London Stock Exchange hires 81 C++ developers for delayed Linux system

The London Stock Exchange has hired 81 open source software staff for the development of the delayed Linux-based system being implemented on its cash markets.

The developers on the new system will work in a C++ environment, on which the new Millennium Exchange Linux matching engine will operate. Some development is also being conducted "externally", the LSE said, referring to staff at the platform's original base in Sri Lanka. The LSE is replacing a Microsoft .Net environment.

The migration, which would have gone live this week, was brought to a halt on 3 November after what the LSE termed as “suspicious” circumstances in which its Turquoise dark pool trading venue – which already runs the system - went down for two hours. The Financial Services Authority and police are investigating the incident, and it is understood an IT contractor has been suspended.

The LSE this month acknowledged concerns from traders that it needed to do more to improve the capacity of its network, which can handle 50,000 messages per second.

It declined to give details on the investigation or what changes were being made. An announcement is expected in the coming weeks, and the new system will go live early next year.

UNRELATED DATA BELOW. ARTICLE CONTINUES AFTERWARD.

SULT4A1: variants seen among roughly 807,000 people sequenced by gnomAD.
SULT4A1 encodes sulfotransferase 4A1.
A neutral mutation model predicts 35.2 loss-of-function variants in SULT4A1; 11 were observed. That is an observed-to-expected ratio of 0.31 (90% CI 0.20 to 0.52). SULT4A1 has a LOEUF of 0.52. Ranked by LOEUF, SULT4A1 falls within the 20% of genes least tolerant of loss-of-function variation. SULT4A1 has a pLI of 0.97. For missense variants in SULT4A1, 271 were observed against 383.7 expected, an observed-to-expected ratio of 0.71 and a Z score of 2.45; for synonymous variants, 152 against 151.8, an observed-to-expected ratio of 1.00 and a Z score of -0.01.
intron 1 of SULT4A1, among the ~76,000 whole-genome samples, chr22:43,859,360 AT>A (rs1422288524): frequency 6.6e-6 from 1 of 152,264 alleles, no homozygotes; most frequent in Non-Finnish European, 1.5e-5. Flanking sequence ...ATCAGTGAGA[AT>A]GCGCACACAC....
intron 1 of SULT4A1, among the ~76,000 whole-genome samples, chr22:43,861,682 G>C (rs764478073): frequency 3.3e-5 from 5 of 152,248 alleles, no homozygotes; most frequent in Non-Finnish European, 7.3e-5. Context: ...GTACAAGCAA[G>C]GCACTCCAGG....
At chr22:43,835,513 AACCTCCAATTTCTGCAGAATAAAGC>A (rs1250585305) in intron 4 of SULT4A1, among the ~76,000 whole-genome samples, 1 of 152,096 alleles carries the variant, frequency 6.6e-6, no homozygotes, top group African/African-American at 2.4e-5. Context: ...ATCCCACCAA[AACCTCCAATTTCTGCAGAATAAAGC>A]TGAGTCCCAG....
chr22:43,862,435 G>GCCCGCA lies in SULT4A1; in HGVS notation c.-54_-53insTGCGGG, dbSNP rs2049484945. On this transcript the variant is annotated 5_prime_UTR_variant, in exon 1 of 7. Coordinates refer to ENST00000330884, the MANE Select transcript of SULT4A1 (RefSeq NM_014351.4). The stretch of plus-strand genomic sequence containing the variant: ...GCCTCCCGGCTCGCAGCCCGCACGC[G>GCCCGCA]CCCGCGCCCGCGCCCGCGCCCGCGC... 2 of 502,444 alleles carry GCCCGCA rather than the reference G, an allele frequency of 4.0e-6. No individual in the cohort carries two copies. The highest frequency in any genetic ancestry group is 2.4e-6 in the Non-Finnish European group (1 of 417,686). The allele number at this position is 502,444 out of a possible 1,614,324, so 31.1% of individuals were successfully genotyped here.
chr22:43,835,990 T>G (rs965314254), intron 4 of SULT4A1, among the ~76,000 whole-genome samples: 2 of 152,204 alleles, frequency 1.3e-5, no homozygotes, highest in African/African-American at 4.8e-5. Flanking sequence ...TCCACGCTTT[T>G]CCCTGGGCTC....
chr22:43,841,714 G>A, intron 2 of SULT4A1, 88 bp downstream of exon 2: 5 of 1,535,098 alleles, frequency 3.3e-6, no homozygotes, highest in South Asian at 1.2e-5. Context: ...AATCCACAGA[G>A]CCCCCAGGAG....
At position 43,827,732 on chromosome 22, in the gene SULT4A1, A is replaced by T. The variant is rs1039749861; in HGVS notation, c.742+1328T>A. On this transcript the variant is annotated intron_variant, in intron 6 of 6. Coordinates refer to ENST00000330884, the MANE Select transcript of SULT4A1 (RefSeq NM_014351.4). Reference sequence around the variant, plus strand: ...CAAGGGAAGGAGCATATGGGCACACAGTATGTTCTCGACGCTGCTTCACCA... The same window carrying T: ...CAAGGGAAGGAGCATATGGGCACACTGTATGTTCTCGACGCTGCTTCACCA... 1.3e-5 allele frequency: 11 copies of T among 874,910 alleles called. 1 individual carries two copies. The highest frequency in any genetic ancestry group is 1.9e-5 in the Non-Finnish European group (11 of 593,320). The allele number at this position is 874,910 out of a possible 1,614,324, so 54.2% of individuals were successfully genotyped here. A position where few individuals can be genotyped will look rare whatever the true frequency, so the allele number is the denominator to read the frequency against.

As the LSE said operating profits for the six months to 30 September grew 15 percent year-on-year to £155 million, it told investors it was sticking with the Linux technology, which is replacing Microsoft .Net.

It cut group staff numbers by over 70, but added 81 developers for the Millennium Exchange platform.

The headcount at MillenniumIT, the software firm it acquired for the platform, “increased from 461 to 542 to support the large number of both internal and external software development projects taking place in the business”, it said.

In a presentation to investors, LSE chief executive Xavier Rolet reiterated that the Linux platform’s 126 microsecond average trading time was a world record, and insisted the platform would perform consistently at speed.

The technology was “proven” and running at the London Metal Exchange and Colombo Stock Exchange, among other places, he said.

The LSE also sells datacentre services to its clients. The acquisition of Millennium IT pushed up sales in this area by £9 million, to £25 million, as the LSE won new clients including Tullett Prebon and the Egyptian Exchange.

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